3. Antigen detection:
          Immunological methods are highly effective for detection of viral antigens (Ag). They offer high degree of sensitivity and specificity, are rapid, and the costs are reasonable. Virtually all methods use antibodies that are tagged with a fluorochrome, enzyme, or radiolabel (Schutzbank and McGuire, 2000).
A) Immunofluorescence (IF):
           The direct staining of clinical specimens using monoclonal or polyclonal antibodies (Abs) bound to fluorescent dye. This may be direct  or indirect techniques. In direct IF, a single fluorochrome-labeled Ab is used. Indirect IF uses two Abs, one specific for the Ag and a second fluorochrome-labeled Ab to the immunoglobulin (Madeley and Peiris, 2002).
B) Enzyme Immunoassay (EIA):
Enzyme Immunoassay can perform to detect antigens in clinical specimens. This versatility has resulted in wide spread use of EIA in diagnostic virology. Most commonly these assays are performed using a solid phase format, as ELISA, with the particular target reagent bound to plastics in a microtiter well. EIA are generally high specific and sensitive, and rapid, within minutes to hours (Leland, 2000).
C) Radioimmunoassays (RIA):
Radioimmunoassays have fallen out of use for most viral assays due to exposure to radioisotope and the high cost of disposal of radioactivity.  RIA rivals EIA in specificity and sensitivity (Mushahwar and Brawner, 2000).

4. Serology:
            This approach is currently the most widely used. Typically during acute primary infection, virus specific IgM Abs appear in serum between 5-10 days after initiation of infection, reach peak concentration at 2-4 weeks, and then decline to undetectable level at 2-4 months, although they may last considerably longer in some infections. In          the course of persistent infections, IgM Ab is usually negative, although they can reappear during episodes of reactivation of virus. Thus, detecting IgM to a given virus, with or without the corresponding IgG, even in a single serum sample obtained during the acute phase of illness, denotes current or very recent primary infection or reactivation of persistent infection by that virus. By contrast, the presence of virus specific IgG but not IgM signifies past infection (Specter and Bendinelli, 2005).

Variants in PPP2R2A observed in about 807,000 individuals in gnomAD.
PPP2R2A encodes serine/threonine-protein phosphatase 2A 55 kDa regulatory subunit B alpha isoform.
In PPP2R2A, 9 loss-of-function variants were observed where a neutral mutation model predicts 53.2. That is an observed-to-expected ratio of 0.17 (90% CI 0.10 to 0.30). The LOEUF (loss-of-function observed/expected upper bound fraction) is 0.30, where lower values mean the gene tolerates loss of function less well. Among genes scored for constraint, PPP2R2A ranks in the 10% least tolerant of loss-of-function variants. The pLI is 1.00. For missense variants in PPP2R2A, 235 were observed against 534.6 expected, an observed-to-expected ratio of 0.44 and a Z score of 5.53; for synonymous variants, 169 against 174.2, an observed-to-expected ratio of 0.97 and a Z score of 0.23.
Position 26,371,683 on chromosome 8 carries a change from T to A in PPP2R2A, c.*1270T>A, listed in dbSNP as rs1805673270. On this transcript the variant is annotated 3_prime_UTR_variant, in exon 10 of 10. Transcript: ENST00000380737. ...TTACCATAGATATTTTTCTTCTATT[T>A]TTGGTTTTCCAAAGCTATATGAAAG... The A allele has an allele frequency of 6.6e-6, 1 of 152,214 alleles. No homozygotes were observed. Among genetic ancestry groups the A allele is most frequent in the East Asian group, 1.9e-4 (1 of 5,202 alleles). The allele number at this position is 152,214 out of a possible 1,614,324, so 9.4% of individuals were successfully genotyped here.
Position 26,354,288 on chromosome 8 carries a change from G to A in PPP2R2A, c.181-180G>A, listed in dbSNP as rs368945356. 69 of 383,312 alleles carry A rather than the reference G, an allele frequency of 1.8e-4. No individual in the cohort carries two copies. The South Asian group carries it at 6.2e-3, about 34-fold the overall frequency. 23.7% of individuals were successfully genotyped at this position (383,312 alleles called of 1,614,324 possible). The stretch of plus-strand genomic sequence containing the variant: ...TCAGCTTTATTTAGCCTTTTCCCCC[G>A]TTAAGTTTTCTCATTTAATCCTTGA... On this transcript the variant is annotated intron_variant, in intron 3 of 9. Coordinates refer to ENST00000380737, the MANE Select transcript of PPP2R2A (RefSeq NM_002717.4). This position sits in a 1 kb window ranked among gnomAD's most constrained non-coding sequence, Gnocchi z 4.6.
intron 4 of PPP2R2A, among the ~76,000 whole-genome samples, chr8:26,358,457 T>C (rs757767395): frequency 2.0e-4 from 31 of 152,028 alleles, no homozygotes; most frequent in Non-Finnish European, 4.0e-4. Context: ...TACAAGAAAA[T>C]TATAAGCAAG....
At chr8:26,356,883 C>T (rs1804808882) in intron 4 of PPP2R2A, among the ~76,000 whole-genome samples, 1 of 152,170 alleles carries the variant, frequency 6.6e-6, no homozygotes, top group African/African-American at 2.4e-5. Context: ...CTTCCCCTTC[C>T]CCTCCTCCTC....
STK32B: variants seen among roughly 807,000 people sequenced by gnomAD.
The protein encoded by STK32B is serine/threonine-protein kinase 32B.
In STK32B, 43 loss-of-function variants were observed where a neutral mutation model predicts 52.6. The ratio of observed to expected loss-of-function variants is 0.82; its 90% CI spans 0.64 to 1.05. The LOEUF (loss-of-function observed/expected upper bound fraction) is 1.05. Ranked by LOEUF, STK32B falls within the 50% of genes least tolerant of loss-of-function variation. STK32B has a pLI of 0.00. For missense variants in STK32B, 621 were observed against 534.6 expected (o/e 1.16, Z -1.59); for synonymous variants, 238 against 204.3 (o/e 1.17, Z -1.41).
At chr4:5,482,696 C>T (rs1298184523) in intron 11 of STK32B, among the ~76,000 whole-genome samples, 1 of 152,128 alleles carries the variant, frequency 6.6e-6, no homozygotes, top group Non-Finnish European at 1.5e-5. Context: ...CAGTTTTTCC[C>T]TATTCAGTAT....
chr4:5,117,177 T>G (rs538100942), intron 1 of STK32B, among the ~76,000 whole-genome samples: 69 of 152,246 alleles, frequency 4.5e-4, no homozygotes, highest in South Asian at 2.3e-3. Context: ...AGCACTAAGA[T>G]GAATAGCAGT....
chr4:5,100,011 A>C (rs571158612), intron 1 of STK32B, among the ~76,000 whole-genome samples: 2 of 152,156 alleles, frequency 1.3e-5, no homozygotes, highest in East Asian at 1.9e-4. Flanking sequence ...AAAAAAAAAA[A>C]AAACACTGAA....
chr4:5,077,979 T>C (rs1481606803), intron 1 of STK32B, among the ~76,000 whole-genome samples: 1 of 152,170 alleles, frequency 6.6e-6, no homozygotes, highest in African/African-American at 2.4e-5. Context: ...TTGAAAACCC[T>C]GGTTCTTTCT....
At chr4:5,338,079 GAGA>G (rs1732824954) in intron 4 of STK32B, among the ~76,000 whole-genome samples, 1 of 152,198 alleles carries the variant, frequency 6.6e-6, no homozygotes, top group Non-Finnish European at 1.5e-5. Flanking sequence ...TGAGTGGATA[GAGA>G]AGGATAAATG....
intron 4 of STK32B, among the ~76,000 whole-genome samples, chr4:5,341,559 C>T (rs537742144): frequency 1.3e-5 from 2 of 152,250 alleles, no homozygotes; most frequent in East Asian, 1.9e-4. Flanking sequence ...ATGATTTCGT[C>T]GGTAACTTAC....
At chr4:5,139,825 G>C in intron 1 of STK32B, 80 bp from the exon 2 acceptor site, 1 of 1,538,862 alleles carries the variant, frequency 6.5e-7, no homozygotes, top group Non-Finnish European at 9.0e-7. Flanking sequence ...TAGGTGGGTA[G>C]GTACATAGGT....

5. Molecular methods (nucleic acid detection):
        A wide variably of commercial assays are available to detect viral nucleic acid directly or after amplification. These procedures are rapidly becoming the standards for diagnostic virology and it is more sensitive than antigen detection and cultures include polymerase chain reaction (PCR), Reverse -Transcriptase PCR and others. These procedures allow detection of viruses (e.g. Enteroviruses) as well as quantitation of the viruses (e.g. CMV, HIV) which guide antiviral therapy.  The principle is the hyperdization of nucleic acid probe (single strand DNA or RNA) to specific nucleic acid sequence in the specimen followed by detection of the paired hybrid. The probe is labeled with enzyme, chemiluminescent molecule, or radioisotopes to facilitate detection of the hyperdization product .
If you need more information read Lectures on applied clinical microbiology 

No comments: